O and the great North Korean bank robberyInspector O of Pyongyang’s Ministry of People’s Security has a bank robbery to solve, but he’s already running into problems. It’s the city’s first ever bank so no one in the ministry knows what to do. And O isn’t even sure where the bank is ― that’s not much call for ATMs in a country where there’s not much cash.
But another concern is making O fret. “I knew, absolutely knew, beyond any doubt, that somebody didn’t want the case solved,” he says.
Pyongyang in James Church’s “Hidden Moon” is a city of shifting allegiances, cutthroat party factions and multilayered cloaks of intrigue, behind which daggers are kept permanently drawn.
It’s a low-tech world, as you’d expect. Cars splutter around town on near-empty gas tanks, the police have no computers, cell phones don’t work properly and the local pathologist has to reuse her surgical gloves after every autopsy ― she can’t afford to replace them.
In this threadbare city of empty streets, chilly noodle shops and dank apartments, O’s dilemma is acute.
If he nabs the robbers, he might upset an even bigger crook lurking among the elite cadres; if he fails, he get exiled to some grim outpost on the Russian border.
The grandson of a war hero, O sets about solving the crime by going through the motions. He follows the only clue ― a silk stocking worn as a mask by one of the robbers ― first to the scene of the crime, The Gold Star Bank, managed by Miss Chon, a sultry Korean-Kazakh rumored to be married to a Scot, and then onto Club Blue, an ill-lit basement bar run by thugs.
His investigations bring him into contact with brutal Chinese gangsters holed up at one of the city’s hotels, a Russian smuggler who specializes in lingerie, renegade German revolutionaries and sharply dressed North Koreans, whose wallets are packed with euros. The detective uncovers bodies face down in rivers and knifed in the back outside bars.
Detective fiction depends on the authenticity of the star character ― the sleuth. Think Rebus in Ian Rankin, Morese in Colin Dexter’s books or, dare I say, Sherlock Holmes himself.
They have to engage readers and be smart enough to hold together the plot that, in a lot of detective fiction, is often plugged with more holes than the corpses in the story.
And like great literary detectives, O has his eccentricities: he keeps slithers of wood in his pockets, which he rubs when stressed, in much the same way Holmes enjoyed the occasional hit of cocaine.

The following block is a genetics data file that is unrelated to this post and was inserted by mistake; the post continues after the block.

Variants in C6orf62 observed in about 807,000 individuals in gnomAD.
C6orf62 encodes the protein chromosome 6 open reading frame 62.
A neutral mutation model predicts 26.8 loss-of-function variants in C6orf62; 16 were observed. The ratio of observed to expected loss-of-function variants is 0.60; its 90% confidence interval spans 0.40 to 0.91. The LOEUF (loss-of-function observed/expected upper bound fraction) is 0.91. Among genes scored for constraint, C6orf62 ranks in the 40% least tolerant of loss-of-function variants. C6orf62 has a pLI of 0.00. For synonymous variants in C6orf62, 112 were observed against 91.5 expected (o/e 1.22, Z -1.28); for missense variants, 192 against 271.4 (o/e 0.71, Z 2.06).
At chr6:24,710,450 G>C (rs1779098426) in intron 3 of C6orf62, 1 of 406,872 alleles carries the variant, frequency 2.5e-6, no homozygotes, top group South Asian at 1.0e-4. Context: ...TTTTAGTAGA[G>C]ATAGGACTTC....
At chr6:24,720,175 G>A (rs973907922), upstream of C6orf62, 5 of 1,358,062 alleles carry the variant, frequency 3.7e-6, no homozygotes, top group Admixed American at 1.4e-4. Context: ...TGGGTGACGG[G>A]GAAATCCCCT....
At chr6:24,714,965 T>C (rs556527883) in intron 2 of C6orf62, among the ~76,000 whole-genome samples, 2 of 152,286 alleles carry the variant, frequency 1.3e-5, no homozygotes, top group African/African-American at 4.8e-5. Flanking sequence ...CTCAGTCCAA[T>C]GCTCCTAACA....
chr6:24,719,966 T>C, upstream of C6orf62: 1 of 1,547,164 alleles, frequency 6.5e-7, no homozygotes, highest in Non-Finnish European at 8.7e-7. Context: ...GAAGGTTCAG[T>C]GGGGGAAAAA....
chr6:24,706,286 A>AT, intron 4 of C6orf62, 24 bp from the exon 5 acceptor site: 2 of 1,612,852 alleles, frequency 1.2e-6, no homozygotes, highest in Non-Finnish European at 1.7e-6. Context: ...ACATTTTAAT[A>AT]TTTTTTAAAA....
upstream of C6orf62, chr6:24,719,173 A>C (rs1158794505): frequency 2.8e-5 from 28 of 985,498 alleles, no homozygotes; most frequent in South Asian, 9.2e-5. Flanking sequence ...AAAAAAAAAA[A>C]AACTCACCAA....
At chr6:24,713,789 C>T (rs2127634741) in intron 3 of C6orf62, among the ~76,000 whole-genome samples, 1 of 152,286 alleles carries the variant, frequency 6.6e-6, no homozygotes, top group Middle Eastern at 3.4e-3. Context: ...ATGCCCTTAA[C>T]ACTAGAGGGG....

Surprisingly, O likes Pyongyang. He’s got no desire to leave.
After returning from a business trip to China at the start of the story, he says, “I needed to sit where the diners ate quietly, unlike in Beijing , people didn’t chatter loudly to no purpose. The street was deserted; no neon signs assaulted the dark. Two cars passed slowly, their lights off. It felt good to be home.”
O’s seen the “outside,” as North Koreans in Church’s novel fondly refer other countries, but O’s content with his city’s open spaces, the quiet parks and his cramped flat.
And the non-Koreans in the book tend to be murders, gangsters and smugglers.
O never discusses politics ― the novel is written in the first-person ― but it’s clear he wants his country purged of the crooks that run it.
This is Church’s second novel in the Inspector O series. The first was “A Corpse in the Koryo,” published in 2006.
Church is a pseudonym, and the blurb describes the author is a “former Western intelligence officer with decades of experience in Asia.”
The author is photographed in silhouette, lighting a pipe with a hat covering all but a beard.
It’s also interesting, for me at least, that O is part of a growing trend in fictional Asian detectives.
We already have the Detective Sonchai Jitpleecheep in John Burdett's novels like “Bangkok 8,” Colin Cotterill’s engaging Dr. Siri mystery series set in Laos and the Feng Shui detective series by Nury Vittachi.
And now O.
Author: James Church
Genre: Crime Fiction
Publisher: St. Martin’s Minotaur
By Michael Gibb Deputy Editor [firstname.lastname@example.org]